An assignment sale is when a Seller sells their promise to purchase a property from a builder/developer to a new buyer, along with the rights and obligations of the Seller’s original Agreement of Purchase and Sale. This is known as the seller assigning the property to the Buyer. The original purchaser is called the Assignor and the new Buyer is called the Assignee. The Assignee is the one who will complete the final sale with the builder.
All assignments are subject to builder’s approval. Builders that allow assignments often charge the Assignor an assignment fee.
When buying a condo assignment, you are inheriting the contract from the original purchaser, as is. It’s important to have your lawyer review the contract and note that the terms the Assignor agreed to are no longer negotiable.
A possible reason for assignment is when the original purchaser has a change of heart or a change of circumstances, which could be due to marriage, divorce, having children, lifestyle change, relocation, financial hardships and sometimes financial benefits.
You can purchase an assignment property with as little as 5% down depending on what the Assignor’s terms are. When purchasing a condo assignment, you will be responsible for all the closing costs when the building is registered with the city. Closing costs include Land Transfer Tax, Development Charges, Utility Connection Fees, HST and any legal fees.
You are completely exempt from HST on a pre-construction condo, if you plan to use the property as your principal residence. Investors who will be leasing their condos will need to pay HST upfront to a maximum of $24,000. Your lawyer can file for a full HST rebate refund approximately 4 to 6 weeks later, provided you have a one year lease in place.
With assignment sales, there are essentially 2 closings: the closing between the Assignor and the Assignee, and the closing between the Assignee and the Builder. During the first closing (the assignment closing), the original purchaser receives their deposit + any profit (or their deposit minus any loss) from the Assignee. During the second closing (between the Builder and the Assignee), the Assignee pays the remaining amount to the Builder (usually with the help of a mortgage), and pays land transfer taxes. At this point, the title of the property is transferred from the Builder to the Assignee.
There is also technically a third closing, when the Buyer takes possession of the property, but doesn’t yet own, which is known as the interim occupancy period. The interim occupancy occurs when the unit is ready to be occupied, but not ready to be registered with the city. Interim occupancy periods in Toronto is mostly a few months. During the interim occupancy period, the Buyer occupies the unit and pays the Builder an amount roughly equal to what their mortgage payment + condo fees + taxes would be. The timing of the assignment will dictate who completes the interim occupancy.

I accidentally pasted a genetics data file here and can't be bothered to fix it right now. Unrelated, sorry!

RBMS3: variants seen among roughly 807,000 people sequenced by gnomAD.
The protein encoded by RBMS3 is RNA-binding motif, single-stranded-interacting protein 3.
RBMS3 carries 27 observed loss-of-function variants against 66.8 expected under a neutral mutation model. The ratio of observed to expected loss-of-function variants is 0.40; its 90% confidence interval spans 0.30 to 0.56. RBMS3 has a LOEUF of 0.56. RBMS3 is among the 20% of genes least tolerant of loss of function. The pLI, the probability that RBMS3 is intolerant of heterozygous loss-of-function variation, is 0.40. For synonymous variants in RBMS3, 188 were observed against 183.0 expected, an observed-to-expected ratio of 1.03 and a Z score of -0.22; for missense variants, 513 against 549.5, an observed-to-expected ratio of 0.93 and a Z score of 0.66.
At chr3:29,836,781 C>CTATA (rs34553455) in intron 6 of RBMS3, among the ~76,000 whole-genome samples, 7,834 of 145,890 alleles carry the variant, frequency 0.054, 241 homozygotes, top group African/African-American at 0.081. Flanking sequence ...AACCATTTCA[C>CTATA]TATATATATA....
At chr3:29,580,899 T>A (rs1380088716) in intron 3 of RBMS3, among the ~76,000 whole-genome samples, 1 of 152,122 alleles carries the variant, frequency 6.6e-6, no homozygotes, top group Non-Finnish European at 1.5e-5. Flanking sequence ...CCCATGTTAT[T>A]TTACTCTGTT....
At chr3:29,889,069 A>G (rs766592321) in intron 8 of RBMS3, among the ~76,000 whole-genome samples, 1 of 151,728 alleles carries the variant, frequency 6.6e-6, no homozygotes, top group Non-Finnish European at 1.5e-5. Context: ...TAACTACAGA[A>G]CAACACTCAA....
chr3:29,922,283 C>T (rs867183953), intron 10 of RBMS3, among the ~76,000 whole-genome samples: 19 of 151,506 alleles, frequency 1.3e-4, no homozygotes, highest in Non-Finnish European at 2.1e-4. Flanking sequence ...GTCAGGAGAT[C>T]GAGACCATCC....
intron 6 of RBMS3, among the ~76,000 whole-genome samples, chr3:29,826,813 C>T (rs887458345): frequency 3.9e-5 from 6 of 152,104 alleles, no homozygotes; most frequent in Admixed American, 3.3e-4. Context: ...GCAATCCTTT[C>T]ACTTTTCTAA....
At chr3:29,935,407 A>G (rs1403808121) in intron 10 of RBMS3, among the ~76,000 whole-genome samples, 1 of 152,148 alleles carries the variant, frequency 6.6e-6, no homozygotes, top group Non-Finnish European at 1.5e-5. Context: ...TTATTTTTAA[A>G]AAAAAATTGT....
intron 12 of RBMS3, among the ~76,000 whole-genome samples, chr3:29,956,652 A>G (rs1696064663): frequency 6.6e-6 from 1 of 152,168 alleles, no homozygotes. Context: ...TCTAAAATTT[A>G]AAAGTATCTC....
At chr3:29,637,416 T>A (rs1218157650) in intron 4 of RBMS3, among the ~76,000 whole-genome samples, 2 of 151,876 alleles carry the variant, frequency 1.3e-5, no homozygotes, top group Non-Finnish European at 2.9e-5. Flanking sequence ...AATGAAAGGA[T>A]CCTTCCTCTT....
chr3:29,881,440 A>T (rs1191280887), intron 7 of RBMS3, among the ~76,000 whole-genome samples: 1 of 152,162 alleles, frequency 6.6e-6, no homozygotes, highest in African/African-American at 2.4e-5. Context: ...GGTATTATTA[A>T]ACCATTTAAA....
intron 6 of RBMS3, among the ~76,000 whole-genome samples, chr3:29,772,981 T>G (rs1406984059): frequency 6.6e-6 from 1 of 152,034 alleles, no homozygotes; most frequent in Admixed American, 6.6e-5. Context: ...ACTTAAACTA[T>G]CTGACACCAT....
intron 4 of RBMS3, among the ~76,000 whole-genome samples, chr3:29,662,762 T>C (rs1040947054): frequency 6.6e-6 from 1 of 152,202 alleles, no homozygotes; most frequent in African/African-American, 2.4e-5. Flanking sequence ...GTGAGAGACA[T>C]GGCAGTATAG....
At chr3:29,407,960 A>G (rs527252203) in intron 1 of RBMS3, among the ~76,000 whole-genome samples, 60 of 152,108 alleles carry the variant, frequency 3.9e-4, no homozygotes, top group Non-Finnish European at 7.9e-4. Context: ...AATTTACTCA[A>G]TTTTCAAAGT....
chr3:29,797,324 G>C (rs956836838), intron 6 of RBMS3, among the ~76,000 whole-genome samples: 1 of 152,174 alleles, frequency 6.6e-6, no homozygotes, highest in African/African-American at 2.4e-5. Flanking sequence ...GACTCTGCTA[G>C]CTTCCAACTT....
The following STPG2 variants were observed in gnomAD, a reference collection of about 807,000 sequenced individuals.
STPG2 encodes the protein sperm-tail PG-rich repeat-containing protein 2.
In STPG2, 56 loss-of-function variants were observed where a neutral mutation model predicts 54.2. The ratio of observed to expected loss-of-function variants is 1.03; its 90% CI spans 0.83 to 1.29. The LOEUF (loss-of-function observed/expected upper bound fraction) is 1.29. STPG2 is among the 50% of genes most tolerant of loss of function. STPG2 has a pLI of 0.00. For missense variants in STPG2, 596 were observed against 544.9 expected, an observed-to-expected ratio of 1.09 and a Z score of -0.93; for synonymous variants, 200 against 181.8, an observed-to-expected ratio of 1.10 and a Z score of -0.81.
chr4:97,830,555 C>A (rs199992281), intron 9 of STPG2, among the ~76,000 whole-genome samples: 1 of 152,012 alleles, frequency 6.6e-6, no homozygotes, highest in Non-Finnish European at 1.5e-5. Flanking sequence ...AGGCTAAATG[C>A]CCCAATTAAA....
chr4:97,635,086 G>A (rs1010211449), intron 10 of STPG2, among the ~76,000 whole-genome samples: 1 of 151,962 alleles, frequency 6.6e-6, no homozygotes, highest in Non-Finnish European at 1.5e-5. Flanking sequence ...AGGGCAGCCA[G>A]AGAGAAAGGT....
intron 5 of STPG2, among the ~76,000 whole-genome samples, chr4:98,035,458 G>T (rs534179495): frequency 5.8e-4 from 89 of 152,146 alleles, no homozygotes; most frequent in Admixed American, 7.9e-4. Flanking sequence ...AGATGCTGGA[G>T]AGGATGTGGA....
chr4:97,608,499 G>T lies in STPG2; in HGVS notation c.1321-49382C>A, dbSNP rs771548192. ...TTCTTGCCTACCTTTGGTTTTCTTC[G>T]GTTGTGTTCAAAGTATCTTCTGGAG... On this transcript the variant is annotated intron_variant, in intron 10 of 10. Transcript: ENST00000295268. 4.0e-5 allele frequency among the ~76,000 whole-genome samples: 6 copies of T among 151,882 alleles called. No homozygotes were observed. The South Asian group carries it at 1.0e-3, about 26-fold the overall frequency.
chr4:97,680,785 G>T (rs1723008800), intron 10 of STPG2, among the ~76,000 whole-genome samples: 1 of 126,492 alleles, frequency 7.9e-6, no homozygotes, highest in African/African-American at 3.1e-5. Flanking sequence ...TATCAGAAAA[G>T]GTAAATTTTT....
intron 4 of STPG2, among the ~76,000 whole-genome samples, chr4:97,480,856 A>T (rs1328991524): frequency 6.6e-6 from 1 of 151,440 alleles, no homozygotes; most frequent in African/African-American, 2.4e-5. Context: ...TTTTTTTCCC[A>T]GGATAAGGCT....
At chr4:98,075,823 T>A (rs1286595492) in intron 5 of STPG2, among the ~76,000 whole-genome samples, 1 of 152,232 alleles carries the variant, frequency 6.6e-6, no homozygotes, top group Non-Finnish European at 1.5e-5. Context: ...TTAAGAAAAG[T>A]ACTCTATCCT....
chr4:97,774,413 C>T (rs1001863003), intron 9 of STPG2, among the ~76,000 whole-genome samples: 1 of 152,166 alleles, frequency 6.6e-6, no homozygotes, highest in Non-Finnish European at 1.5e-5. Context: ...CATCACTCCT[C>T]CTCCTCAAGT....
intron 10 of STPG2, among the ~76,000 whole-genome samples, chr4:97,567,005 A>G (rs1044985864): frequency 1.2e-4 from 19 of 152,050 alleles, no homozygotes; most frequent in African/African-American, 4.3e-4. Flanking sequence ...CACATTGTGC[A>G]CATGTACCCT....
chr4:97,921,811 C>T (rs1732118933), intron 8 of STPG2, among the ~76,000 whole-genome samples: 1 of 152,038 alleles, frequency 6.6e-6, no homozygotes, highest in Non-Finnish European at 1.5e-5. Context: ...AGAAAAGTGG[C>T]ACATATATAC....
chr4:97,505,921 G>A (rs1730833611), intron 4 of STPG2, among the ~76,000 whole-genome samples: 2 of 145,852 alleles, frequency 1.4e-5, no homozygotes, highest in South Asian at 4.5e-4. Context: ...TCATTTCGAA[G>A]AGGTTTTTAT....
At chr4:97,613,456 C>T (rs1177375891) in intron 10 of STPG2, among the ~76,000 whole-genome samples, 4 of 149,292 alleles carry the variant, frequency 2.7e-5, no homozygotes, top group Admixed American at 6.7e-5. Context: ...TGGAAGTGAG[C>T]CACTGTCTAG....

Benefits of purchasing an assignment condo
- You purchase a brand new condo today at yesterday’s prices, that no longer exists in today’s market. Sellers know they have to price their units less than what the developer would sell a similar unit in the current market. Savings can be in the tens of thousands compared to buying through the developer, and in some cases the price paid is even lower than what is available on the resale market.
- You purchase pre-construction without the wait. You don’t have the usual 3-4 year lag time, while often the occupancy is only months away.
- You inherit all new warranties: Manufacturer’s one year warranty on appliances and one, five or seven year Tarion warranty.
- You purchase a unit when the PDI (Pre-delivery inspection) has been completed, although in some cases you may get to do this.
- You pay a much smaller deposit for a much shorter time than when buying pre-construction condo from the builder, before there is even a hole in the ground.
- You may have the opportunity to see the actual unit and building, rather than buying from pictures (only applies if interim occupancy has started).
- You benefit from Platinum/VIP stages of the sales process, when prices were at their lowest and usually when many free upgrades were added on by the developer, than if you bought today from the developer directly, you would end up paying for all the extras.
- You negotiate from a position of strength, as most sellers need to get their money out now.
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